As Nancy Hiller famously said, “It’s all problems.”
We will move the remainder of our inventory into the Anthe building during the first week in October. The three semis have been scheduled. We have a plan.
But until that moment the first truck arrives on Oct. 2, we have to move a few mountains.
It began when our walk-behind forklift was delivered. It was about 8” too tall to fit through our new $6,000 roll-up door. Yes, everyone measured the opening, including the salesman for Crown. Someone somewhere made a mistake.
So to fix that problem, we had to remove the new door, rip out the $400 plastic flaps that kept the AC in the building and hire a mason to remove three courses of bricks ($500) and rebuild the opening. Then order additional parts for the roll-up door ($1,900).
So last week, we rolled our brand-new fork truck through the new opening and we heard a quiet but terrible noise. Some of the old floorboards crumbed under the wheels of the truck.
Yes, a structural engineer inspected the building and green-lighted our plan.
But some of the floorboards were unexpectedly worn (some were 1/4” thick ) and fragile from 130 years of heavy use. (The joists were holding more-than-fine.) So we added felt and a thick tongue-and-groove OSB floor. The floor is designed to be removed by future generations if they want to return to the old floor.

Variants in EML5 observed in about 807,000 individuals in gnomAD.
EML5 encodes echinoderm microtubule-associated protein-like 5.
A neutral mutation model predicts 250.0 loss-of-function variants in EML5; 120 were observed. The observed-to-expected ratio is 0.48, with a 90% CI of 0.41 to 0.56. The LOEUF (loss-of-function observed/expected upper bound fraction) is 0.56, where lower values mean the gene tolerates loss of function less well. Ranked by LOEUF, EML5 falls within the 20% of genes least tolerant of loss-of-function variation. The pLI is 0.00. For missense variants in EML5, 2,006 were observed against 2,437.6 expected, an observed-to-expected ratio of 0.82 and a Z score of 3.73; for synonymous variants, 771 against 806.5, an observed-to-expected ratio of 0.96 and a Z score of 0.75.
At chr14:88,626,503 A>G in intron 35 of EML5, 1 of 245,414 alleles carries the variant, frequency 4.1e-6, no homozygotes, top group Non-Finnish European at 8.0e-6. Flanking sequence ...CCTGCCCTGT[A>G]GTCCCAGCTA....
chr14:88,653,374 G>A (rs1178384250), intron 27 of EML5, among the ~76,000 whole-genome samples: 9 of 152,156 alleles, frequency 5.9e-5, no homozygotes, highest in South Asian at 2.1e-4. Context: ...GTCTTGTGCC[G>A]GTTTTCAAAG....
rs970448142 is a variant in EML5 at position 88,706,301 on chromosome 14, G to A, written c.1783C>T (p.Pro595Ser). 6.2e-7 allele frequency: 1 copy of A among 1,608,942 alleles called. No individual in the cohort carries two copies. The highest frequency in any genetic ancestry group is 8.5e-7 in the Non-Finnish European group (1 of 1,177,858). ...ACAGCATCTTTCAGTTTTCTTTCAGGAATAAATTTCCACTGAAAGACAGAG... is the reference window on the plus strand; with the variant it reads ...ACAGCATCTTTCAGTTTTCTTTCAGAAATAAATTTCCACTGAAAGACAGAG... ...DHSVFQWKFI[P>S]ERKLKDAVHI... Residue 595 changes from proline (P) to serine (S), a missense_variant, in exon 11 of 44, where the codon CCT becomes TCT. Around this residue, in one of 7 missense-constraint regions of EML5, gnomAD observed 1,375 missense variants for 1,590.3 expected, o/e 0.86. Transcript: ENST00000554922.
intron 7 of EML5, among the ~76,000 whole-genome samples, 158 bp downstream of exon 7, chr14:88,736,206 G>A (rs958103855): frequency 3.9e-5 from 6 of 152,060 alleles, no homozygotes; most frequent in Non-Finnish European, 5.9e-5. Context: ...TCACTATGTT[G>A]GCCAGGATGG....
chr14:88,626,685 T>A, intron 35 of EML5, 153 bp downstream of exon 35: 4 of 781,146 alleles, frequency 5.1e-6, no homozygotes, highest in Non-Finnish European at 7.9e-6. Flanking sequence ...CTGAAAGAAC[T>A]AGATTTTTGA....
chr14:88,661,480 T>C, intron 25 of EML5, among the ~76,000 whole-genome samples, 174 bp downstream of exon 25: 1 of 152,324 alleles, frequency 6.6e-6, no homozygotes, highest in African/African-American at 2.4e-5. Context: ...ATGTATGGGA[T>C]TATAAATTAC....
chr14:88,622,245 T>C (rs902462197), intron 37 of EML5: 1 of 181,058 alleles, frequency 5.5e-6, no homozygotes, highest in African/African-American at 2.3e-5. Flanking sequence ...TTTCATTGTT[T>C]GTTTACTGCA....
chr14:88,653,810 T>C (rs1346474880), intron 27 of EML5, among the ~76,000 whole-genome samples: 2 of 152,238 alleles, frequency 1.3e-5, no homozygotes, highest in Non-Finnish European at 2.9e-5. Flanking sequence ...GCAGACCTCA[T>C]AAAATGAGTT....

We also added the OSB to the second floor to allow us to move pallets around more easily (there will not be a fork truck on the second floor – just a manual pallet jack).
Despite all this, we are making it, one unexpected problem at a time.
Note: Please do me a favor and don’t take potshots at our efforts here. These decisions were arrived at by professionals (not us) with decades of experience with old buildings. This blog entry cannot possibly give you all the information you need to have an opinion of what is happening on-site. If you’re gonna be a jerk, I’m not going to respond; I’m just going to delete your comment.
— Christopher Schwarz